Getting Started

What is WordCruncher?

WordCruncher is a desktop application that offers a wide variety of tools for searching, studying, and analyzing texts.

Whether you're a student, professor, or an avid reader, there are tools available to improve your experience with texts.


This page will introduce some of the basic tools you are looking for. Scroll down to learn how you can get started with the most common tools.

Once you master these tools, you can continue to explore different ways WordCruncher can help you get the most out of texts.

For tips and tricks to discover new insights, you can also subscribe to WordCruncher Monthly.

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Install WordCruncher

Windows example

By installing WordCruncher, you agree to our License Agreement.

Download a Book

  1. File > WordCruncher Bookstore…
  2. Choose a collection (WordCruncher Library or Gospel Library)
  3. Click FREE next to the name of a book
  4. Click Install

Try It Out

Why not explore the WordCruncher library? Click here to browse books!

Open a Book

  1. File > Open Book
  2. In the left panel, navigate through the bookshelves to locate a book
  3. In the right panel, select the book by clicking on it
  4. Click Open

Study Tools

There are three highlighter icons Highlighter Icon in the toolbar to let you highlight text in different colors.

    Try It Out

  1. Click the down arrow next to the highlighter icon
  2. Select Change Marker Color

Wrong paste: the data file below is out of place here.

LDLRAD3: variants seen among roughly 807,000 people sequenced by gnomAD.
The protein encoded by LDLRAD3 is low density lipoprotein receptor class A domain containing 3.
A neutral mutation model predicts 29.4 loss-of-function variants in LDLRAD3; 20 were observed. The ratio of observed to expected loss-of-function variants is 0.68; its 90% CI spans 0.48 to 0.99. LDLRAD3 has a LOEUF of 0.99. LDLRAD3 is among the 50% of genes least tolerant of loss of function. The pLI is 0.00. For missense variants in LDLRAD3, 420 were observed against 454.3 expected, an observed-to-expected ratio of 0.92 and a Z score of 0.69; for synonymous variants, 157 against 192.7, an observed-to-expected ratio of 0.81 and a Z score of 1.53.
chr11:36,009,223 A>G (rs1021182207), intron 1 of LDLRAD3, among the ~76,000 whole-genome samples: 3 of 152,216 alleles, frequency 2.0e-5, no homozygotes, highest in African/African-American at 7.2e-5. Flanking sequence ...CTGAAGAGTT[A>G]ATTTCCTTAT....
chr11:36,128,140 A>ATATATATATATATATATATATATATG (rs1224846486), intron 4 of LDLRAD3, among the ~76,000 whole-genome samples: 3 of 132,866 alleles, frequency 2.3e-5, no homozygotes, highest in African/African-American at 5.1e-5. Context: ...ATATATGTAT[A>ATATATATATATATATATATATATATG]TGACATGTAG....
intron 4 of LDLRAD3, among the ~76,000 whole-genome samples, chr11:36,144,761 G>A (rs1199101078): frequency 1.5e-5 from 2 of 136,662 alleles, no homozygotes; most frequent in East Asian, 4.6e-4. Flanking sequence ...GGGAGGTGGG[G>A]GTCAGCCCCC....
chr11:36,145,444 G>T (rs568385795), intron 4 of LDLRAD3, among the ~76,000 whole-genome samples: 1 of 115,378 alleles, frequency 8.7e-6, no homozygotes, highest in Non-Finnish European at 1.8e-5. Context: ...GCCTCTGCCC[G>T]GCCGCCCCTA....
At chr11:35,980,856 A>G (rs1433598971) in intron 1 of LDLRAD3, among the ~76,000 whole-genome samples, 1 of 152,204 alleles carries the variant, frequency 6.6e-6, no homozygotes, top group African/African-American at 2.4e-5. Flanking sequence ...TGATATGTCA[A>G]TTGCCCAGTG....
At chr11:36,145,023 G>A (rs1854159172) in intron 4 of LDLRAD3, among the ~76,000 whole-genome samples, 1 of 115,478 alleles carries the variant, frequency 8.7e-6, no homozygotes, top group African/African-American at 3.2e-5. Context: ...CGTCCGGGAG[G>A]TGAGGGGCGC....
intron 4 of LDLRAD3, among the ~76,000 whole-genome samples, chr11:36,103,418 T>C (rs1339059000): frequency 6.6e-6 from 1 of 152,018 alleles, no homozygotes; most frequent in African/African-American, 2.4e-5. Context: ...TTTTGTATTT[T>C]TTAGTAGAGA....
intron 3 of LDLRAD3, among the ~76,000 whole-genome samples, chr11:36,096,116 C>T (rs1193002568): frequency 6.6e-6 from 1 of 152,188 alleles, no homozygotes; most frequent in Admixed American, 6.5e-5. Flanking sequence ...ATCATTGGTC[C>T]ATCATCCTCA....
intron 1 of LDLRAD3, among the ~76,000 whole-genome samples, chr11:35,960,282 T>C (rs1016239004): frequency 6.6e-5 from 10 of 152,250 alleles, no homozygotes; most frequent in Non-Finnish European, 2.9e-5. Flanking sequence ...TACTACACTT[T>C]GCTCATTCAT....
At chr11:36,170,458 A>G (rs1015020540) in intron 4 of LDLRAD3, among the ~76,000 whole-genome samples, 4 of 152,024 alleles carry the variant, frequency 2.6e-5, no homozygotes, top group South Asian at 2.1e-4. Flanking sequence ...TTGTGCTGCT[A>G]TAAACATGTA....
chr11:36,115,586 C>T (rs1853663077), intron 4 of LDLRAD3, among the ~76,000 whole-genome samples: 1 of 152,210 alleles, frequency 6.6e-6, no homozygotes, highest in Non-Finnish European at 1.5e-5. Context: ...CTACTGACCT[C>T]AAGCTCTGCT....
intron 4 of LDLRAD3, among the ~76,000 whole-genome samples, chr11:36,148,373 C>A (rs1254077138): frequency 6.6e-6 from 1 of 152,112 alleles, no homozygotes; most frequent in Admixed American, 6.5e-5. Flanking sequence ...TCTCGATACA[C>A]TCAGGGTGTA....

3. Choose a color and click OK
  4. Select some text and then click on the highlighter icon

Learn More about Highlighting

Create a note by clicking the Create Note Iconicon.

Try It Out

  1. Create a note
  2. Add your text
  3. Save your changes
  4. Delete a note

Learn More about Notes

Click theBookmark Iconicon to create a bookmark.

Try It Out

  1. Add a bookmark
  2. Name the bookmark
  3. Update an existing bookmark

Learn More about Bookmarks

If you download a dictionary from the bookstore, you can look up definitions while you study.

Try It Out

  1. Click on a word
  2. Book > Look Up This Word in Dictionary
  3. Select a dictionary

Learn More about Dictionaries

See All Study Tools

Search Tools

WordCruncher has many search tools, but here are a few to start with:

While you're reading a book, you might be interested to see where a word is used in other parts of the book. Try double-clicking any word, and WordCruncher will show you a list of every time the word occurs.

Want to search for a specific word or phrase? You can either click on Search Icon, Ctrl+F, or press space.

Try it Out

Let's start with a basic keyword search.

  1. Open the search window
  2. Type in a search term
  3. Press Go

An exact match search will look for words in the exact order you type them in.

Try it Out

  1. Use "double quotes" around your search terms.
  2. Try your search again, but without double quotes

A wildcard stands in place of one or more characters to expand your search results.

Try it Out

  1. Search with * replacing letters at the beginning of a word.
  2. Go to Analyze > Search Results Reports > Search Vocabulary Report to see a list of search results.
  3. Search with * replacing an entire word

Table of Contents bounds will limit your search within a certain section of your text.